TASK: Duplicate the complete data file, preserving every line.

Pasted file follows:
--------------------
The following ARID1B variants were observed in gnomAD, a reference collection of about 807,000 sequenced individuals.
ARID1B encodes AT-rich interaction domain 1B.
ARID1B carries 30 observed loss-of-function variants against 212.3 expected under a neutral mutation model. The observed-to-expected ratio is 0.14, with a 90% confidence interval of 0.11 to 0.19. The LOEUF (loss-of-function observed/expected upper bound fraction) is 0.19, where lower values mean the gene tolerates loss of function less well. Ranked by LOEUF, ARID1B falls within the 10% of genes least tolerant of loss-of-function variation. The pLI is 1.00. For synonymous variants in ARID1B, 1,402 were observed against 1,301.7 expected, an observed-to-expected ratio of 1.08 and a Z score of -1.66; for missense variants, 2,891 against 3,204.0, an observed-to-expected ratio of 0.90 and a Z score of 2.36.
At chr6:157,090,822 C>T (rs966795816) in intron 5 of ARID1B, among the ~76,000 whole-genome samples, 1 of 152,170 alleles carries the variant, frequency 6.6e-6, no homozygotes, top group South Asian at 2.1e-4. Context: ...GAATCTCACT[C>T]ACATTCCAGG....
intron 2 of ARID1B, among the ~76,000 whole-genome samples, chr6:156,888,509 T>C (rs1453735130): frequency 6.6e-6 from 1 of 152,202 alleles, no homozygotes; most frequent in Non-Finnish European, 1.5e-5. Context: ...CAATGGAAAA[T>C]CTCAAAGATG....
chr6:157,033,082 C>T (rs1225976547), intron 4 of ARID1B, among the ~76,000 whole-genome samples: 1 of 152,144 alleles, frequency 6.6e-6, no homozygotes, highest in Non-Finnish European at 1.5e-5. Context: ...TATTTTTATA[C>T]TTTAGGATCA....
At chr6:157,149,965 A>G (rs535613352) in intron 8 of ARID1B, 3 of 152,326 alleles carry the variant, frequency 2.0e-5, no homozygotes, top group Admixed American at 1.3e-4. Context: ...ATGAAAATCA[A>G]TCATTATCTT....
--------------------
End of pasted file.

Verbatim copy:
The following ARID1B variants were observed in gnomAD, a reference collection of about 807,000 sequenced individuals.
ARID1B encodes AT-rich interaction domain 1B.
ARID1B carries 30 observed loss-of-function variants against 212.3 expected under a neutral mutation model. The observed-to-expected ratio is 0.14, with a 90% confidence interval of 0.11 to 0.19. The LOEUF (loss-of-function observed/expected upper bound fraction) is 0.19, where lower values mean the gene tolerates loss of function less well. Ranked by LOEUF, ARID1B falls within the 10% of genes least tolerant of loss-of-function variation. The pLI is 1.00. For synonymous variants in ARID1B, 1,402 were observed against 1,301.7 expected, an observed-to-expected ratio of 1.08 and a Z score of -1.66; for missense variants, 2,891 against 3,204.0, an observed-to-expected ratio of 0.90 and a Z score of 2.36.
At chr6:157,090,822 C>T (rs966795816) in intron 5 of ARID1B, among the ~76,000 whole-genome samples, 1 of 152,170 alleles carries the variant, frequency 6.6e-6, no homozygotes, top group South Asian at 2.1e-4. Context: ...GAATCTCACT[C>T]ACATTCCAGG....
intron 2 of ARID1B, among the ~76,000 whole-genome samples, chr6:156,888,509 T>C (rs1453735130): frequency 6.6e-6 from 1 of 152,202 alleles, no homozygotes; most frequent in Non-Finnish European, 1.5e-5. Context: ...CAATGGAAAA[T>C]CTCAAAGATG....
chr6:157,033,082 C>T (rs1225976547), intron 4 of ARID1B, among the ~76,000 whole-genome samples: 1 of 152,144 alleles, frequency 6.6e-6, no homozygotes, highest in Non-Finnish European at 1.5e-5. Context: ...TATTTTTATA[C>T]TTTAGGATCA....
At chr6:157,149,965 A>G (rs535613352) in intron 8 of ARID1B, 3 of 152,326 alleles carry the variant, frequency 2.0e-5, no homozygotes, top group Admixed American at 1.3e-4. Context: ...ATGAAAATCA[A>G]TCATTATCTT....